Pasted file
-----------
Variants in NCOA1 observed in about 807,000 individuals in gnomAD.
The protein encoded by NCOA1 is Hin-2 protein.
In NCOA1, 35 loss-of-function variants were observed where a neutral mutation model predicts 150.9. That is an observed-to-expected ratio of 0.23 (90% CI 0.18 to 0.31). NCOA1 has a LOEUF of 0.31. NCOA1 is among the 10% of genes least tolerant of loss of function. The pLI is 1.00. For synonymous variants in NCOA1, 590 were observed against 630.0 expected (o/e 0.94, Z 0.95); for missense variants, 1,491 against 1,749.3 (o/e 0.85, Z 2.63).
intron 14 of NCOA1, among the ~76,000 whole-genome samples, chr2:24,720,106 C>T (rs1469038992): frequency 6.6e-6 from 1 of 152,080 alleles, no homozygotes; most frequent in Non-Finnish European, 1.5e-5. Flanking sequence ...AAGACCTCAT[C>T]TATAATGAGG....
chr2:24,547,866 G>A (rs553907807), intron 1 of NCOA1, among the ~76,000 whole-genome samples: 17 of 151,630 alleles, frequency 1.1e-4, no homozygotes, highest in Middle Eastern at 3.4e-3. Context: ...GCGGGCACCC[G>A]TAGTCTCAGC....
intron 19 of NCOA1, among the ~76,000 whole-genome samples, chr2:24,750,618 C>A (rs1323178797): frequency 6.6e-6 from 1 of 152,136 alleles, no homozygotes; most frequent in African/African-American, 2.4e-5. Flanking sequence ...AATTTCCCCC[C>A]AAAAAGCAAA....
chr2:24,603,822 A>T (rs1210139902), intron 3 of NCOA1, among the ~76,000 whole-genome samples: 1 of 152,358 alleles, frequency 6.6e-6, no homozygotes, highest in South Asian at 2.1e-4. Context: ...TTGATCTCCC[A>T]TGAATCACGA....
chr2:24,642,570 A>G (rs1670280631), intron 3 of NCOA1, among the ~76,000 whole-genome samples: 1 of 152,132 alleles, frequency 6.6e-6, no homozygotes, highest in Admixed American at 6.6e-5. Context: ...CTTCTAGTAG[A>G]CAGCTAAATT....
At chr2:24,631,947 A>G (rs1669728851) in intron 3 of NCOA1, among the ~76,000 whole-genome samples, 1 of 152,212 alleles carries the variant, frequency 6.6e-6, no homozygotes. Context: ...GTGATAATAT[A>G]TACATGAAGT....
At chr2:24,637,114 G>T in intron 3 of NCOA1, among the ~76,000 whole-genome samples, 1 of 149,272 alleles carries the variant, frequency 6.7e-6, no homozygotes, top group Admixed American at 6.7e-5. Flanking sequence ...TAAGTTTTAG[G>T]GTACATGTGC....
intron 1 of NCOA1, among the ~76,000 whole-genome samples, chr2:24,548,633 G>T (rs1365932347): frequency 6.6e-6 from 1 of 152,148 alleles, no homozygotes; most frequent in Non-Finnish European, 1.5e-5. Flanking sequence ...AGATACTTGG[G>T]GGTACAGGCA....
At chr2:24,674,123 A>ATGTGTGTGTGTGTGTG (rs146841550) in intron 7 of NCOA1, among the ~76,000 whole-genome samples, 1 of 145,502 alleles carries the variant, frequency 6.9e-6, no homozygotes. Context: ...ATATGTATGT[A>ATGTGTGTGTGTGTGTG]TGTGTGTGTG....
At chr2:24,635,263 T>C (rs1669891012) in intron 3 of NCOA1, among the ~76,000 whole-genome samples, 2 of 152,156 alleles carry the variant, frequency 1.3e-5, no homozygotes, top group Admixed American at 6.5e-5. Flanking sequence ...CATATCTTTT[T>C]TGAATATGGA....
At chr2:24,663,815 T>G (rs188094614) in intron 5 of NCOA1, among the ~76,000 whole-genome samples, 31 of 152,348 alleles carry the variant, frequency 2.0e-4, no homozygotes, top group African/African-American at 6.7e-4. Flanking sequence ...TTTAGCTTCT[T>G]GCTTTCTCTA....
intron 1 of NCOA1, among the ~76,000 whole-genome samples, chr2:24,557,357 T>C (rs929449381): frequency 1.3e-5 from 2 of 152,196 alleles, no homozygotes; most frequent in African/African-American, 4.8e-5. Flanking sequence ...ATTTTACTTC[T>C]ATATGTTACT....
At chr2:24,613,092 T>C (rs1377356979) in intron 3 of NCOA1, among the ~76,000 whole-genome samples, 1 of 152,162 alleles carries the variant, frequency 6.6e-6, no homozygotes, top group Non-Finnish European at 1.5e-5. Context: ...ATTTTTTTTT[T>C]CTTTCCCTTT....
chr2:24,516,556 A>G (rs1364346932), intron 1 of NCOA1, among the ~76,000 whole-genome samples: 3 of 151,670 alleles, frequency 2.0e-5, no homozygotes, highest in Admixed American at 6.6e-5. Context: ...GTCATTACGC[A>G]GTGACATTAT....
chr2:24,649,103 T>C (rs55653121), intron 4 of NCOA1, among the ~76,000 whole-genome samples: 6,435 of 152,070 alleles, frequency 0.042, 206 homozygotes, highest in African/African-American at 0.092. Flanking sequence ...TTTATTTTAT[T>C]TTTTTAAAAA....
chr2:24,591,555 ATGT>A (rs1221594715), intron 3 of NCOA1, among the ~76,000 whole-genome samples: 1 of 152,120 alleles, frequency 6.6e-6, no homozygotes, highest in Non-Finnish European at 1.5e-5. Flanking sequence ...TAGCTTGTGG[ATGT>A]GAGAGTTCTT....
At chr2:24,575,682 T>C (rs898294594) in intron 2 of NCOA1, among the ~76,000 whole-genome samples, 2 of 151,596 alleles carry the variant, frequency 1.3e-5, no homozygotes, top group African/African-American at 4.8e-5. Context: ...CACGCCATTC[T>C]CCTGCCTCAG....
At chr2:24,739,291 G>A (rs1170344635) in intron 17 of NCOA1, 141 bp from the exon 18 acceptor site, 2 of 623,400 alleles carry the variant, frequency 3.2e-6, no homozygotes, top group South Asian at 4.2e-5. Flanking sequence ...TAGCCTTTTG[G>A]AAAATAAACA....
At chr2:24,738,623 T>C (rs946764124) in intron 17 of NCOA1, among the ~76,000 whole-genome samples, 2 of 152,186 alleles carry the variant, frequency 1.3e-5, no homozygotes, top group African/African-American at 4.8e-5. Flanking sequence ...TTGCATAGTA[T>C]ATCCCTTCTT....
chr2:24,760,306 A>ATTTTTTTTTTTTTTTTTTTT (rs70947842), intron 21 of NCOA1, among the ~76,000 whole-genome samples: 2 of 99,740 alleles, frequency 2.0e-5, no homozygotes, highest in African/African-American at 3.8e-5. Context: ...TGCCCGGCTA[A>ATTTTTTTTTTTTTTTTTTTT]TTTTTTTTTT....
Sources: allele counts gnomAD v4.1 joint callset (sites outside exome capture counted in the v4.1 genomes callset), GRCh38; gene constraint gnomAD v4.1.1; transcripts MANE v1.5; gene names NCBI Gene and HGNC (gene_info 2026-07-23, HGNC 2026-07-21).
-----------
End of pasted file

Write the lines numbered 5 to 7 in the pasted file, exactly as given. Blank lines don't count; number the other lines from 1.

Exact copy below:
chr2:24,547,866 G>A (rs553907807), intron 1 of NCOA1, among the ~76,000 whole-genome samples: 17 of 151,630 alleles, frequency 1.1e-4, no homozygotes, highest in Middle Eastern at 3.4e-3. Context: ...GCGGGCACCC[G>A]TAGTCTCAGC....
intron 19 of NCOA1, among the ~76,000 whole-genome samples, chr2:24,750,618 C>A (rs1323178797): frequency 6.6e-6 from 1 of 152,136 alleles, no homozygotes; most frequent in African/African-American, 2.4e-5. Flanking sequence ...AATTTCCCCC[C>A]AAAAAGCAAA....
chr2:24,603,822 A>T (rs1210139902), intron 3 of NCOA1, among the ~76,000 whole-genome samples: 1 of 152,358 alleles, frequency 6.6e-6, no homozygotes, highest in South Asian at 2.1e-4. Context: ...TTGATCTCCC[A>T]TGAATCACGA....